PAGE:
Recombinant Production of a Site-Specific Protease for Removal of Affinity Tags

Open Access
Nair, Abhinav C
Area of Honors:
Biochemistry and Molecular Biology
Bachelor of Science
Document Type:
Thesis Supervisors:
  • Song Tan, Thesis Supervisor
  • Joseph C. Reese, Honors Advisor
  • Wendy Hanna Rose, Faculty Reader
  • proteases
  • affinity tags
  • protein purification
  • TVMV
  • TEV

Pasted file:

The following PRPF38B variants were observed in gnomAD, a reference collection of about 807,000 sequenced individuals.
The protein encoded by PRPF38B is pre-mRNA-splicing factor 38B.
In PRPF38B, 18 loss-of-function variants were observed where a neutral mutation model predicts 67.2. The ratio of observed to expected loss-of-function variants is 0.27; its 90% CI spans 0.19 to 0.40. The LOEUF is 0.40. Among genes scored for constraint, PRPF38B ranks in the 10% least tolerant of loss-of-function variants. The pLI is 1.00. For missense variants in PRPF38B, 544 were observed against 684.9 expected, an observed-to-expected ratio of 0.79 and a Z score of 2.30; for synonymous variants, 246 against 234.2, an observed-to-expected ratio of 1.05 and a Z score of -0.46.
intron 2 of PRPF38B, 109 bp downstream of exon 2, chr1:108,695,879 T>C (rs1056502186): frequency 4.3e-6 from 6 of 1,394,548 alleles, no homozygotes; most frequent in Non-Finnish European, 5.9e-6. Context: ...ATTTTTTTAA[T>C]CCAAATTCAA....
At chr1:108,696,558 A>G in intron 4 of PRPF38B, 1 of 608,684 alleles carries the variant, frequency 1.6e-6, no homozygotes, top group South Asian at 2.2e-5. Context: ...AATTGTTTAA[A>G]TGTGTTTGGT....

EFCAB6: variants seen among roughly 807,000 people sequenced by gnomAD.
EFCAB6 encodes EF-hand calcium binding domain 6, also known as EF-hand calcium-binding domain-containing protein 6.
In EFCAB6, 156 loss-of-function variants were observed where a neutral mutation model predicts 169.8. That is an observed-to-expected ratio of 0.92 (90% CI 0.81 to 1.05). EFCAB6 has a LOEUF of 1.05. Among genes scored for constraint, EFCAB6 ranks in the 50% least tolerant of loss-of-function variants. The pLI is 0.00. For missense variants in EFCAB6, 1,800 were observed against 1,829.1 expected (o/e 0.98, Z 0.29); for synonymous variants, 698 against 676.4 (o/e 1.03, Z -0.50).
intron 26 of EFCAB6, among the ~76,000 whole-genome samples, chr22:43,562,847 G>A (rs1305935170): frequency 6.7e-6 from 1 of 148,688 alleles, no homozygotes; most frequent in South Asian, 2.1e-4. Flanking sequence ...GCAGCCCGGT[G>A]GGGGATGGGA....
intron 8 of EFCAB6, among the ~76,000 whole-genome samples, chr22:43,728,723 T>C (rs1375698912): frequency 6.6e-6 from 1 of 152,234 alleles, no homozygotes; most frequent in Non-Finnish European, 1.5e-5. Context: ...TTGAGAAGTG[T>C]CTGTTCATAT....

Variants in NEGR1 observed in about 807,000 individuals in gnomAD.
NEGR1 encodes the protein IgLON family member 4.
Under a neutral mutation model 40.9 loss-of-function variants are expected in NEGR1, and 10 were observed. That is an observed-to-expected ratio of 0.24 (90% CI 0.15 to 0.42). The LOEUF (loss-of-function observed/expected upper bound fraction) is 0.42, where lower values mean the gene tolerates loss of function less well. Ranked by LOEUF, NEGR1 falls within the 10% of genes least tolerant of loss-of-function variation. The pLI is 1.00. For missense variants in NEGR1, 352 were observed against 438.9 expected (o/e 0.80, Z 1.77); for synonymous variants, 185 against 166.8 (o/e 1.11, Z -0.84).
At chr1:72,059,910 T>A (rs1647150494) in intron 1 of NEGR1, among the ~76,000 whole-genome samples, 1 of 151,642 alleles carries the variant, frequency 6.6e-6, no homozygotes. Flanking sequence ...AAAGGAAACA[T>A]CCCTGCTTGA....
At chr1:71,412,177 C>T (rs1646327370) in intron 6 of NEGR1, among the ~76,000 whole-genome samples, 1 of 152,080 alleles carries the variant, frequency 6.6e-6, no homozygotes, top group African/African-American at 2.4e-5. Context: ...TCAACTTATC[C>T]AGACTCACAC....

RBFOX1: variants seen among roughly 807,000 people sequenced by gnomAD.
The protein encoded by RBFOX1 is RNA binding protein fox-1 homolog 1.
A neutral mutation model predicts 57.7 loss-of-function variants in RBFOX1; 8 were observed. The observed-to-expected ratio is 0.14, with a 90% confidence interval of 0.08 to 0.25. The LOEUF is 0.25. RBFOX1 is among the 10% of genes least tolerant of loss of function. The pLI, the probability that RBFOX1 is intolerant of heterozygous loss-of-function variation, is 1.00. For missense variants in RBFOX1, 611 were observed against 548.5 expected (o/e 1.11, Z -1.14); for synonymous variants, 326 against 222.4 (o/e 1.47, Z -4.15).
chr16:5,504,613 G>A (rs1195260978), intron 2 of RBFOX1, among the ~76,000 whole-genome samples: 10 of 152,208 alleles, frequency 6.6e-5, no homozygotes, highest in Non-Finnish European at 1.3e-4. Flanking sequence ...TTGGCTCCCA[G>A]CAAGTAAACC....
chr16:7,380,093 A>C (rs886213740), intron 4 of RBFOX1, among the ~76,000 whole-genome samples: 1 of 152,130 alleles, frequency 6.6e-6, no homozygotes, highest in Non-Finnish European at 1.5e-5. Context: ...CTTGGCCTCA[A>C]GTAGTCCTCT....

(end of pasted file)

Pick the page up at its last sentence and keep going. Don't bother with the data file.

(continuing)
Protease enzymes are common in the natural world for their ability to cleave proteins, for example to digest food in the gut. The sequence specificity of certain proteases also makes them useful reagents to cleave affinity tags engineered into recombinant proteins. Tobacco Etch Virus (TEV) protease is widely used in modern biology work due to its high specificity and strong activity. Recent work shows that another protease, Tobacco Vein Mottling Virus (TVMV) protease, shares many of these desirable properties but with a different sequence specificity from TEV protease. The availability of two complementary proteases permits more affinity tags to be added to proteins and more sophisticated experiments to be designed. My goal in this project was to produce recombinant TVMV protease, to demonstrate robust protease activity, and to determine optimal protease reaction conditions. First a soluble version of the TVMV enzyme was created that utilized Maltose Binding Protein (MBP) as an N-terminal fusion tag. Protease activity was then assayed by protein digestion followed by SDS polyacrylamide gel electrophoresis. TVMV protease was found to be site-specific, and not cross-reactive with TEV protease, while demonstrating similar efficiency. Buffer type was not seen to significantly affect digestion and the TVMV enzyme was most active between room temperature and 30°C. Activity decreased with increasing salt concentration, becoming more pronounced at concentrations greater than 300 mM NaCl. Finally, the enzyme was expressed and purified on a larger scale to generate milligram quantities for future laboratory work.